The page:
11. The Commissioner (Appeals) has referred to the expression used in Section 80RRA of the Act, namely, 'services rendered outside India' and has observed that the said expression refers to 'physical rendering of services outside India', while the expression 'employment outside India' in Section 40A(5)(b)(i) refers to contract of employment outside India.
12. The distinction made by the Commissioner (Appeals) does not appear to be sound. As already stated, the words 'contract of service' are nowhere used in the provision under consideration. What we have to see is as to what was the period of employment outside India. The period of employment outside India would mean period spent outside India in the course of employment, irrespective of the place where the contract of service took place. Besides, this provision is applicable to all the Indian companies and it is obvious that the contracts, in most of these cases, would take place in India. The intention to exclude period of employment of such employees from operation of Clause (b)(i) does not appear apparent in the provision. Consequently, the construction on this provision made by the Commissioner (Appeals) does not appear to be acceptable.
13. It is not necessary for us to determine in this appeal whether Clause (b)(i) would apply to the whole of the salary paid to each of these two employees, although it has been contended that the periods spent by these employees in India were not periods of employment, but were period of their leave to which they became entitled for service rendered outside India and as such, the salary for the period spent in India would also be covered by Clause (b)(i) of Section 40A(5). We shall assume for this appeal that Clause (b)(i) would not apply to salary payable for the period which was spent by these two employees in India, although that period was spent on leave. However, as far as that part of the salary is concerned, which pertains to period of employment outside India, there can be no doubt that salary payable in respect of the said period would not be considered for disallowance under Section 40A(5)(a). The salary of each of these two employees for the period spent by them in India is below Rs. 60,000. Consequently, even if it is held that the salary payable in respect of the period spent by these employees in India would be subject to disallowance under Section 40A(5)(a), no disallowance under that provision can be made in view of the fact that such salary does not exceed the prescribed limit. As already stated, there can be no doubt that as far as salary pertaining to the period of employment outside India is concerned, to that salary, provisions of disallowance under Section 40A(5)(a) would not apply, in view of the fact that provision of Clause (b)(i) would be applicable.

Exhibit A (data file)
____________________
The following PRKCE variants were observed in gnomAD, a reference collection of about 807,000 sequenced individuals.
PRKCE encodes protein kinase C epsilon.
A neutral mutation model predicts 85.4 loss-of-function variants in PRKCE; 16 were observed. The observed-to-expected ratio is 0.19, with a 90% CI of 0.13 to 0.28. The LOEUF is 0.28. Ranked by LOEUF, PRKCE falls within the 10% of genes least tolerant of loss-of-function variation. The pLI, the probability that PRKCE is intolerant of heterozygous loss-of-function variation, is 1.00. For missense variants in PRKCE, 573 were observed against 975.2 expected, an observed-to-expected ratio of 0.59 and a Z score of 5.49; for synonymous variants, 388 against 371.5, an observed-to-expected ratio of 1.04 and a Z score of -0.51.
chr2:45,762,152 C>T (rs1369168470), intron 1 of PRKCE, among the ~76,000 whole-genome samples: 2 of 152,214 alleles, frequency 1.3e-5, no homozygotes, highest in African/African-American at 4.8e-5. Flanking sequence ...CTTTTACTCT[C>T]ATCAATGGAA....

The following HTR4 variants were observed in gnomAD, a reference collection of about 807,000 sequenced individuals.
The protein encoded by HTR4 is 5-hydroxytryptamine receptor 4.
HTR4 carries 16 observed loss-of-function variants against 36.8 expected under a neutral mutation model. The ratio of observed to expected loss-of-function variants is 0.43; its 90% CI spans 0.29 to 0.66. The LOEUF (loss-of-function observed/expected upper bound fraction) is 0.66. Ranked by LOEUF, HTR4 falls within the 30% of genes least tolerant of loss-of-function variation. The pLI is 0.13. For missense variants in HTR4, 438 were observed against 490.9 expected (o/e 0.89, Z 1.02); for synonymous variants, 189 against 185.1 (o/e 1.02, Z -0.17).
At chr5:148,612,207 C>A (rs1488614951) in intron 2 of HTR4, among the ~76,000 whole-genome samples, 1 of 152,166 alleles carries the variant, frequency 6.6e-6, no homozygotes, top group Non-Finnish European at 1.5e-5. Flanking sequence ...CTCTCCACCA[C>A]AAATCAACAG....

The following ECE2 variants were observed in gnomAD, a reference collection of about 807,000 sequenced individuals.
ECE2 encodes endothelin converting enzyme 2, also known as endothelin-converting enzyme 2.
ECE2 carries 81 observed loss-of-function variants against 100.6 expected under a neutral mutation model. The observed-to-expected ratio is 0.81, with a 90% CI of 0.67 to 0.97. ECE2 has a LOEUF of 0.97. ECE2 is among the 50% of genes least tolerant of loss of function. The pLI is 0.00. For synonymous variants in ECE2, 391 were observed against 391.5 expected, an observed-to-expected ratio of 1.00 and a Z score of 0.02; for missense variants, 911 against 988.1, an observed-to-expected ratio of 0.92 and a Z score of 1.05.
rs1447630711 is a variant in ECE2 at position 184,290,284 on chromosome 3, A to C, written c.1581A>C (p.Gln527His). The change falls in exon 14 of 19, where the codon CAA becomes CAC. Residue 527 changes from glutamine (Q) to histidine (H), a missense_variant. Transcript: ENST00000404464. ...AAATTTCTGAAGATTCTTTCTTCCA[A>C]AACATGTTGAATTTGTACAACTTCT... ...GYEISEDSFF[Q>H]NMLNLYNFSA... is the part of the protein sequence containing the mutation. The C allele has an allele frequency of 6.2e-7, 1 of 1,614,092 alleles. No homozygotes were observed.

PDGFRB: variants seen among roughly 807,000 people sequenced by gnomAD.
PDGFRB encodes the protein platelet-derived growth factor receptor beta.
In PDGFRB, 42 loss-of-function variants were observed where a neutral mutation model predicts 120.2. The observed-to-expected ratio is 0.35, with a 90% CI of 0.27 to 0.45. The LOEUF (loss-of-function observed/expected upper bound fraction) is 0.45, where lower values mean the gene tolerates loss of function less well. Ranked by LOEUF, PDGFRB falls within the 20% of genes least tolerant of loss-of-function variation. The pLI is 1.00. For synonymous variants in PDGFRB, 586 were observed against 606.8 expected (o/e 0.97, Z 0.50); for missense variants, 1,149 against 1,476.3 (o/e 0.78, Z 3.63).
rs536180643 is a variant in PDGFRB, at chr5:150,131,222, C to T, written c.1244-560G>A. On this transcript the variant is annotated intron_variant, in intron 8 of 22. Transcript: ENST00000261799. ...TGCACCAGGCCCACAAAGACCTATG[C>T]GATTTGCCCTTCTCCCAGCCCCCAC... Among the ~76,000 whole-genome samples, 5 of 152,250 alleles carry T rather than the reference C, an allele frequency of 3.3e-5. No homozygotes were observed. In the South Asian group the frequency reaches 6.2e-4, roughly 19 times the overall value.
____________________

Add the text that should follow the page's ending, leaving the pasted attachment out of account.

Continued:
In this view of the matter, the order of the Commissioner (Appeals) confirming the disallowance of Rs. 23,981 cannot be sustained. That order, therefore, is set aside.